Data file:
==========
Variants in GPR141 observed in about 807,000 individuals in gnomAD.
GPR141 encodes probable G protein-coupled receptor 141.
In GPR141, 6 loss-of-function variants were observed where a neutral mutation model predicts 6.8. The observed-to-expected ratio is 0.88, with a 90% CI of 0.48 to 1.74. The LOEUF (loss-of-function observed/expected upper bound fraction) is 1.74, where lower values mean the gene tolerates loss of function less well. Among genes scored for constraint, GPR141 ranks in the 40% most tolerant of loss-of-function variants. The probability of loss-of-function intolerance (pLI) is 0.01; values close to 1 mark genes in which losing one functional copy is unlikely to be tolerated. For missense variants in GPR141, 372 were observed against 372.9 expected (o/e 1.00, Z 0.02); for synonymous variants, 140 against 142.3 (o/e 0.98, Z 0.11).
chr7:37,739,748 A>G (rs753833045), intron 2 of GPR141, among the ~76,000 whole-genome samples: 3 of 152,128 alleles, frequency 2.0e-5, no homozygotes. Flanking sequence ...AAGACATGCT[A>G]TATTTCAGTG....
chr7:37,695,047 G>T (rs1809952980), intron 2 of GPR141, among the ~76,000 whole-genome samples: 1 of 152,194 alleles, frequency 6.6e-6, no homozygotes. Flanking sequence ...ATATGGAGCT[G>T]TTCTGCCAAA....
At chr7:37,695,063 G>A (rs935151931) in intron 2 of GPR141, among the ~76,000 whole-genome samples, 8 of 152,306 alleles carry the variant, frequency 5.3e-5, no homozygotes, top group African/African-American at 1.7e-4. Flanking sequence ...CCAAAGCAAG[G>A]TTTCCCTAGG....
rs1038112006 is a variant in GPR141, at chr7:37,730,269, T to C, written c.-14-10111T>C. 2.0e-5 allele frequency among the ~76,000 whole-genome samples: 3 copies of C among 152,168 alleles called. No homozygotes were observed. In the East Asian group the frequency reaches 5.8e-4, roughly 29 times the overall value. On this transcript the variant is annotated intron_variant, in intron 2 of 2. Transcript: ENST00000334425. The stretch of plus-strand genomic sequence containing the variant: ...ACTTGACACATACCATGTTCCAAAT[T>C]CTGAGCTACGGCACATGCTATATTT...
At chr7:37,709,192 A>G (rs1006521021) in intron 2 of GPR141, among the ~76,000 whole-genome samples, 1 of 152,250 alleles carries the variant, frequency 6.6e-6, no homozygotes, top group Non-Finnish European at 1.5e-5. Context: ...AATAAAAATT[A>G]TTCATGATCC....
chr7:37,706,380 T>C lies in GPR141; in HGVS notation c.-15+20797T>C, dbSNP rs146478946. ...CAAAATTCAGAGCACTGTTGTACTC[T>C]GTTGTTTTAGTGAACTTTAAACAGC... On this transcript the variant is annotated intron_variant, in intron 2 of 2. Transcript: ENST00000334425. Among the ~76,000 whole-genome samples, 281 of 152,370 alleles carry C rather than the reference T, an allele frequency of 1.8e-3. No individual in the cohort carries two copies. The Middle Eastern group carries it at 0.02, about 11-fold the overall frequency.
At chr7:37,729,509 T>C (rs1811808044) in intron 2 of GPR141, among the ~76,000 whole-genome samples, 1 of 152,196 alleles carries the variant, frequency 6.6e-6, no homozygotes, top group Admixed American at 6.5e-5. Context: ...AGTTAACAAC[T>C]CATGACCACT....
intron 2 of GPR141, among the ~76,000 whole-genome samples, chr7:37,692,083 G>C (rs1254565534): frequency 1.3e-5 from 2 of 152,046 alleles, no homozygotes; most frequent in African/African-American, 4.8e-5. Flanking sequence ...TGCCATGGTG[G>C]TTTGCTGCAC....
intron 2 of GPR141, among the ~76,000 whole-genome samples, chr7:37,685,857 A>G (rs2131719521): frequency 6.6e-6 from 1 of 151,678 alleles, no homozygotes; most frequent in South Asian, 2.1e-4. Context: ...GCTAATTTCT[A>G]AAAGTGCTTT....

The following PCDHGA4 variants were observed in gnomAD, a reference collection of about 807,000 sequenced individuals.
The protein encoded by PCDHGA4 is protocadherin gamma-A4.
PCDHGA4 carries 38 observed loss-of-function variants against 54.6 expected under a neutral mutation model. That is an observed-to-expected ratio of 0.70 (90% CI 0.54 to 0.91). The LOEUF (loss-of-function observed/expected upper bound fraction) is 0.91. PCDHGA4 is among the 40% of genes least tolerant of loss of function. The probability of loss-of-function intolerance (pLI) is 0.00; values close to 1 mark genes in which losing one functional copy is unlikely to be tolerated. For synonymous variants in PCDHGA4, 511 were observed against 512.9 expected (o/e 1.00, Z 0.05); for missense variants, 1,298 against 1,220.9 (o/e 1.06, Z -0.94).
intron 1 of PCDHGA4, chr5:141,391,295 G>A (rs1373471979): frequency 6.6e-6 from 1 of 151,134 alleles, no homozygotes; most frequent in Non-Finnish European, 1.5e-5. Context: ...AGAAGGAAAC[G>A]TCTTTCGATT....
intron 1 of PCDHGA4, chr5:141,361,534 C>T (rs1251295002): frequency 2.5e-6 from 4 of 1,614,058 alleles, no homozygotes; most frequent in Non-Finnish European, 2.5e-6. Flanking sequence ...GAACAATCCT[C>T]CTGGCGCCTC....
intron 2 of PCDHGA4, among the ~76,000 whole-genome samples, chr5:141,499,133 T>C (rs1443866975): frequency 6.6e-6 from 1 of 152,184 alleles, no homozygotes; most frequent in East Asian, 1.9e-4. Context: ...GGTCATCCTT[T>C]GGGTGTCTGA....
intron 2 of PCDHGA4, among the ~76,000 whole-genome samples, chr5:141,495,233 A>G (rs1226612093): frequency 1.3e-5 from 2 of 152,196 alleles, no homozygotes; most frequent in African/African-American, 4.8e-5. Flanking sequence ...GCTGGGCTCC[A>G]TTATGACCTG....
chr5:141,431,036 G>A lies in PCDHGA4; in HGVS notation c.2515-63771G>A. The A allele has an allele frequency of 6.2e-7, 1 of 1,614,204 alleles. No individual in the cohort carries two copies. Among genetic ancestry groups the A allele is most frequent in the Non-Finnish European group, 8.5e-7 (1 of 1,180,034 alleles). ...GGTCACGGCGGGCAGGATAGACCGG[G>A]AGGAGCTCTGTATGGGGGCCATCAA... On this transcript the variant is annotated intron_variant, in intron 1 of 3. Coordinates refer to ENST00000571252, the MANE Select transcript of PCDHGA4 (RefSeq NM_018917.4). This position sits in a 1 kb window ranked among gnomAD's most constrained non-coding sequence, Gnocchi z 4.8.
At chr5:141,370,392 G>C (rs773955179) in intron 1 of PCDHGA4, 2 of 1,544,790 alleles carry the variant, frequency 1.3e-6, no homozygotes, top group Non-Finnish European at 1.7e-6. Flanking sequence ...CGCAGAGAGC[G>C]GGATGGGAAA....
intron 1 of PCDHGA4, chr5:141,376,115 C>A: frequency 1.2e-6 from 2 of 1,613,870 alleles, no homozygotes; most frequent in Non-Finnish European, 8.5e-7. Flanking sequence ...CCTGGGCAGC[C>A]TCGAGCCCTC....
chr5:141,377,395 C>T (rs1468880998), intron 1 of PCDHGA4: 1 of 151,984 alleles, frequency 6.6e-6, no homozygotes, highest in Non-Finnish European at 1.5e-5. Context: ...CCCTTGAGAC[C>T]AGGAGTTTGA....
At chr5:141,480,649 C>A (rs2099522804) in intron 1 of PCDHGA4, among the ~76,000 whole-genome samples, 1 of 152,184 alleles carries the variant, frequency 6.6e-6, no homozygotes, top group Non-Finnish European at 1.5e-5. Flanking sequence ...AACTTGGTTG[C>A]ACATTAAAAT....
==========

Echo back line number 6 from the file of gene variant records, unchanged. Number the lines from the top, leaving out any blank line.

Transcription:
At chr7:37,695,063 G>A (rs935151931) in intron 2 of GPR141, among the ~76,000 whole-genome samples, 8 of 152,306 alleles carry the variant, frequency 5.3e-5, no homozygotes, top group African/African-American at 1.7e-4. Flanking sequence ...CCAAAGCAAG[G>A]TTTCCCTAGG....